8. We must contend for the doctrine of hell. “But people don’t like hell!” They’re not supposed to! Jesus speaks of hell more than anyone. Nobody is arguing against eternal life – “we don’t believe heaven is forever.” If one lasts forever, they both last forever. Everybody believes in hell. The marketers sell hell all the time. Fat hell. Sex hell. Take this medication. Go the seminar. Buy this. These will get you out of your hell. These are false saviours.
  9. We must contend for Kingdom is in priority over culture. What we are seeing is an over-realized eschatology. Post-modern addiction with the present makes everything relate to now. Look at the Corinthian church – it is today in the emergent church. They are largely reacting to the under-realized eschatology of Dispensationalism. This is the problem of Thessalonica. Sold their stuff with SPF20 on and waited for Jesus to come back in 15 minutes. What is the kingdom? Where the rule of the King is. Let’s talk more about the King than the Kingdom.

III. Contextualize the doctrine.

This is where many of us would part ways. In incarnation, Jesus comes as a missionary. We like this with missionaries in China, but not always with our neighbour across the street. What does it look like to reach Seattle rock sub-culture? The epistles are written in many ways to help answer these questions. 1 Corinthians 9 tells us we must be contextualizing.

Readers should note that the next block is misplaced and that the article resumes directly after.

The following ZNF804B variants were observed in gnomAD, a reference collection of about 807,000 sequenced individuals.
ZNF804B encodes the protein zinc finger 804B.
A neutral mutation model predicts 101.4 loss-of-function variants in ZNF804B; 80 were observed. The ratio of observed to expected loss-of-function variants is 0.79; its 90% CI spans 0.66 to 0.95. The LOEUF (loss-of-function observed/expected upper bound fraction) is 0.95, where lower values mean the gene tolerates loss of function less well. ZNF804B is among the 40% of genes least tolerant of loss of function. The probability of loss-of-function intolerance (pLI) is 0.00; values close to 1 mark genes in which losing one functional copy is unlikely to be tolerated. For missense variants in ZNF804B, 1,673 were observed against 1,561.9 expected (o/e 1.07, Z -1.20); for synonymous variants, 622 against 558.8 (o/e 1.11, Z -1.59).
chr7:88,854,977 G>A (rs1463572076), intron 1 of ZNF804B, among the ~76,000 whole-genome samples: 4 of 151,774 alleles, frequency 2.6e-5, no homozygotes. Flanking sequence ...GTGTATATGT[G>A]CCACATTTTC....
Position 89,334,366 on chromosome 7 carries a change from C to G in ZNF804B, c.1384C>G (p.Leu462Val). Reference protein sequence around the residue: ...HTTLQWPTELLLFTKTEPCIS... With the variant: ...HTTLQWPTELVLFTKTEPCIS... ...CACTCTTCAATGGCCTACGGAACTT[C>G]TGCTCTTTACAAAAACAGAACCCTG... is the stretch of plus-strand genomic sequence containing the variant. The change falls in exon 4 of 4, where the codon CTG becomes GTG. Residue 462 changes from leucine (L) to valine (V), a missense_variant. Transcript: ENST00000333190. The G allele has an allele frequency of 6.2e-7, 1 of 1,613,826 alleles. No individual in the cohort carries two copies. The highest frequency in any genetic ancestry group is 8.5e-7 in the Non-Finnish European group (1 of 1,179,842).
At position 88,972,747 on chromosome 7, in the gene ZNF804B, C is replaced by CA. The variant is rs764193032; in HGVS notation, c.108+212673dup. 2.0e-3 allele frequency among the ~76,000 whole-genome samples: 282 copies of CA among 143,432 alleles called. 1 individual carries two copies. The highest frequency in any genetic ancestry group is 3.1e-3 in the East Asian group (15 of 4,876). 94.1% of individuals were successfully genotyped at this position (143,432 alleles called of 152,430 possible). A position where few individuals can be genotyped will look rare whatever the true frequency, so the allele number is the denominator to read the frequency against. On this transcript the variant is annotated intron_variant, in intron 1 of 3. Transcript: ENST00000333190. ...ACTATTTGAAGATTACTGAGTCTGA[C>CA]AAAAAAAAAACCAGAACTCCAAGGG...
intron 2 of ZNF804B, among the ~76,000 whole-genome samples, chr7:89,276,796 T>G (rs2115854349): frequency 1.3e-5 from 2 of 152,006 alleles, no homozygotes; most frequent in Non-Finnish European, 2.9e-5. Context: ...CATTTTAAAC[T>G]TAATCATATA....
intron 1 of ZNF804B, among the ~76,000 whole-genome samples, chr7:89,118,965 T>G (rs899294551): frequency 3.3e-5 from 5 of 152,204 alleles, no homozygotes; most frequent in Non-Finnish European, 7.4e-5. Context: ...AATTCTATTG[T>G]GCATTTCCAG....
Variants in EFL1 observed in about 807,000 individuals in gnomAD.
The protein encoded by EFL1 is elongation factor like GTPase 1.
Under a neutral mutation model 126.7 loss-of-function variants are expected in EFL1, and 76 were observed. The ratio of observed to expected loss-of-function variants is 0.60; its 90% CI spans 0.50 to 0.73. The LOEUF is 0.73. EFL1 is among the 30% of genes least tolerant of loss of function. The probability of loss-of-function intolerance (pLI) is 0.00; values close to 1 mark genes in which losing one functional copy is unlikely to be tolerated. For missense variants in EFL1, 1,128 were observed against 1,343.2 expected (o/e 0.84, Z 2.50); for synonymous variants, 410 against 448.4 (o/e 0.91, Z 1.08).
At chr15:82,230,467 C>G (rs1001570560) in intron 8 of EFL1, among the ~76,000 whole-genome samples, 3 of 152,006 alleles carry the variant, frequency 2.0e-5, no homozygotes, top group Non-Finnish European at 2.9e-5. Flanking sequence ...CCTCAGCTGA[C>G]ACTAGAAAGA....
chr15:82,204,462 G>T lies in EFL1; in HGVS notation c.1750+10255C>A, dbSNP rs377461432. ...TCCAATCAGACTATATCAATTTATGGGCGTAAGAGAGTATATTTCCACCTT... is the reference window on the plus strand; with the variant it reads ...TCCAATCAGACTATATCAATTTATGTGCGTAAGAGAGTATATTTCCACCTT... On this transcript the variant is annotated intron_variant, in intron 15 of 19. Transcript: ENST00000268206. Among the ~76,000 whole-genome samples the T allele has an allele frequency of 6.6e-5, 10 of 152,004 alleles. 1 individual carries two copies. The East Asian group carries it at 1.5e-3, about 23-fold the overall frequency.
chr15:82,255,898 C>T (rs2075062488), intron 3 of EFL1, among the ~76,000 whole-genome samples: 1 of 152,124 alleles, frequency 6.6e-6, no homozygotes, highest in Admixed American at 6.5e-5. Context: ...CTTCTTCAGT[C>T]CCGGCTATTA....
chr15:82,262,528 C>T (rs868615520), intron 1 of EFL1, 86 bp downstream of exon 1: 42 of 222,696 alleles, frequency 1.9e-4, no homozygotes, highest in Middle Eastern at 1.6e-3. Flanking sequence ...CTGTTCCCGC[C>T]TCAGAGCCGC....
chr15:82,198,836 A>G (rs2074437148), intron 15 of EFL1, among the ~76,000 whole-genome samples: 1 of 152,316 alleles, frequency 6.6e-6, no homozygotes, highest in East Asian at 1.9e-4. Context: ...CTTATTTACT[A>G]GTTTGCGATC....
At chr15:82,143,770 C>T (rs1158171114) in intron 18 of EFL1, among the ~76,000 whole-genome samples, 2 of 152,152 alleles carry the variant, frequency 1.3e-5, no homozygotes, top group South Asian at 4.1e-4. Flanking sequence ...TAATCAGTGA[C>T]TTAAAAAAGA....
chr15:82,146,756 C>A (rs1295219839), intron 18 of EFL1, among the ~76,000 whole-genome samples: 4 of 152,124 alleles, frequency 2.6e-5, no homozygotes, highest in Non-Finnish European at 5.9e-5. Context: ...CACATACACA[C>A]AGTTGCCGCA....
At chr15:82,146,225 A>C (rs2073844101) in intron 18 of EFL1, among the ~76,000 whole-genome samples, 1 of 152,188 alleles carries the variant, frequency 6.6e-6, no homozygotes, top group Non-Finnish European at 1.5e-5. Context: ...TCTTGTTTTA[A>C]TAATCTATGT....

“I became all things to all men…” (I know some of you are Calvinists and you are thinking “all” does not mean “all” here… yes, it does.) Do you really care about the Gospel? Then you will contextualize! You will do what you can so that as many people as possible will meet Jesus.

Those that over-contextualize forget the Gospel. Those that have the Gospel may be failing to give it!

We hold to Truth – in one closed hand. We also hold in an open hand – timely contextualization. Good missionaries have two hands…

Creative without Truth – can lead to heresy. I am arguing for relevantism – not relativism. Are you arguing for the nasty “S” word – seeker sensitive. No. I am asking for seeker-sensibility. Sometimes the foreign tongue we speak is Latin and Greek and theological nomenclature – just explain things so people can understand it!

Timothy was going to people who cared about circumcision – he had to get circumcised. Titus was going to those who didn’t care – and Titus won!

There are things in culture we must receive, some we must reject, and some we must redeem.

Is this a new wave of doctrine? Yes, dear friends, we are on the cutting edge of the 16th century! There were many new Christians in France as a result of Calvin’s missionary work. From 5 churches to over 2000 in 7 years. The Gospel is the Power of God.